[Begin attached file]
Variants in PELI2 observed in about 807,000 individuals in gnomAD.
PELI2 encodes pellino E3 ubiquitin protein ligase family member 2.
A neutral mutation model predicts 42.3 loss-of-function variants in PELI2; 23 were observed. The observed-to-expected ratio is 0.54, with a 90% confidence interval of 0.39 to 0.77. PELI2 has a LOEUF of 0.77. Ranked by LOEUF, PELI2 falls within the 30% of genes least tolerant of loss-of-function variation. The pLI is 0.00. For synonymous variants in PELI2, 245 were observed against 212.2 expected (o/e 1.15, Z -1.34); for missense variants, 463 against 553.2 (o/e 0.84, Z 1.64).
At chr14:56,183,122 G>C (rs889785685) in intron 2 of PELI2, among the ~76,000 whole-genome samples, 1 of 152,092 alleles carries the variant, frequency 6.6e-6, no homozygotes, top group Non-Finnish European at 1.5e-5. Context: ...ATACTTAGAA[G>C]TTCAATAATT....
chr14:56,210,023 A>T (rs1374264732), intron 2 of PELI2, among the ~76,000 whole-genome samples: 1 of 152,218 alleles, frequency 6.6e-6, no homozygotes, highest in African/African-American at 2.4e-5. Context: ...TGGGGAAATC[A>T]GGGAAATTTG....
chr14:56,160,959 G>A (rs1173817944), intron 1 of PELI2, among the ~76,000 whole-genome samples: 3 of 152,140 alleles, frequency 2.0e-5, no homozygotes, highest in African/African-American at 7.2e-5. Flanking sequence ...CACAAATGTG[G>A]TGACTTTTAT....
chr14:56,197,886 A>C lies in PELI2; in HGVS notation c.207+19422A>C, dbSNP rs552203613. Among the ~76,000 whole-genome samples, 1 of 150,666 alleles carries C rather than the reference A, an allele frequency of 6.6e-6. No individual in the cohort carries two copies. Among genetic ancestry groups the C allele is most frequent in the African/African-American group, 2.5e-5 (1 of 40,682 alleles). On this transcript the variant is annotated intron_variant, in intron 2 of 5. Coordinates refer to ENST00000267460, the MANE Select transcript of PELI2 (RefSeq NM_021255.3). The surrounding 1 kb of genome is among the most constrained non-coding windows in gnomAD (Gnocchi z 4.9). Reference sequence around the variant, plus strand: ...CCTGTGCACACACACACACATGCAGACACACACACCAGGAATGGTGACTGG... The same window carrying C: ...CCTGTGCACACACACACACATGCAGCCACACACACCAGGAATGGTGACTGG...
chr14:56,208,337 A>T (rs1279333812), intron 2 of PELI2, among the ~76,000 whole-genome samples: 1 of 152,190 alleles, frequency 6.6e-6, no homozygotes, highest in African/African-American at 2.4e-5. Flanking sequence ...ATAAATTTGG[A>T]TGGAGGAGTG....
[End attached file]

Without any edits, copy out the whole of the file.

Variants in PELI2 observed in about 807,000 individuals in gnomAD.
PELI2 encodes pellino E3 ubiquitin protein ligase family member 2.
A neutral mutation model predicts 42.3 loss-of-function variants in PELI2; 23 were observed. The observed-to-expected ratio is 0.54, with a 90% confidence interval of 0.39 to 0.77. PELI2 has a LOEUF of 0.77. Ranked by LOEUF, PELI2 falls within the 30% of genes least tolerant of loss-of-function variation. The pLI is 0.00. For synonymous variants in PELI2, 245 were observed against 212.2 expected (o/e 1.15, Z -1.34); for missense variants, 463 against 553.2 (o/e 0.84, Z 1.64).
At chr14:56,183,122 G>C (rs889785685) in intron 2 of PELI2, among the ~76,000 whole-genome samples, 1 of 152,092 alleles carries the variant, frequency 6.6e-6, no homozygotes, top group Non-Finnish European at 1.5e-5. Context: ...ATACTTAGAA[G>C]TTCAATAATT....
chr14:56,210,023 A>T (rs1374264732), intron 2 of PELI2, among the ~76,000 whole-genome samples: 1 of 152,218 alleles, frequency 6.6e-6, no homozygotes, highest in African/African-American at 2.4e-5. Context: ...TGGGGAAATC[A>T]GGGAAATTTG....
chr14:56,160,959 G>A (rs1173817944), intron 1 of PELI2, among the ~76,000 whole-genome samples: 3 of 152,140 alleles, frequency 2.0e-5, no homozygotes, highest in African/African-American at 7.2e-5. Flanking sequence ...CACAAATGTG[G>A]TGACTTTTAT....
chr14:56,197,886 A>C lies in PELI2; in HGVS notation c.207+19422A>C, dbSNP rs552203613. Among the ~76,000 whole-genome samples, 1 of 150,666 alleles carries C rather than the reference A, an allele frequency of 6.6e-6. No individual in the cohort carries two copies. Among genetic ancestry groups the C allele is most frequent in the African/African-American group, 2.5e-5 (1 of 40,682 alleles). On this transcript the variant is annotated intron_variant, in intron 2 of 5. Coordinates refer to ENST00000267460, the MANE Select transcript of PELI2 (RefSeq NM_021255.3). The surrounding 1 kb of genome is among the most constrained non-coding windows in gnomAD (Gnocchi z 4.9). Reference sequence around the variant, plus strand: ...CCTGTGCACACACACACACATGCAGACACACACACCAGGAATGGTGACTGG... The same window carrying C: ...CCTGTGCACACACACACACATGCAGCCACACACACCAGGAATGGTGACTGG...
chr14:56,208,337 A>T (rs1279333812), intron 2 of PELI2, among the ~76,000 whole-genome samples: 1 of 152,190 alleles, frequency 6.6e-6, no homozygotes, highest in African/African-American at 2.4e-5. Flanking sequence ...ATAAATTTGG[A>T]TGGAGGAGTG....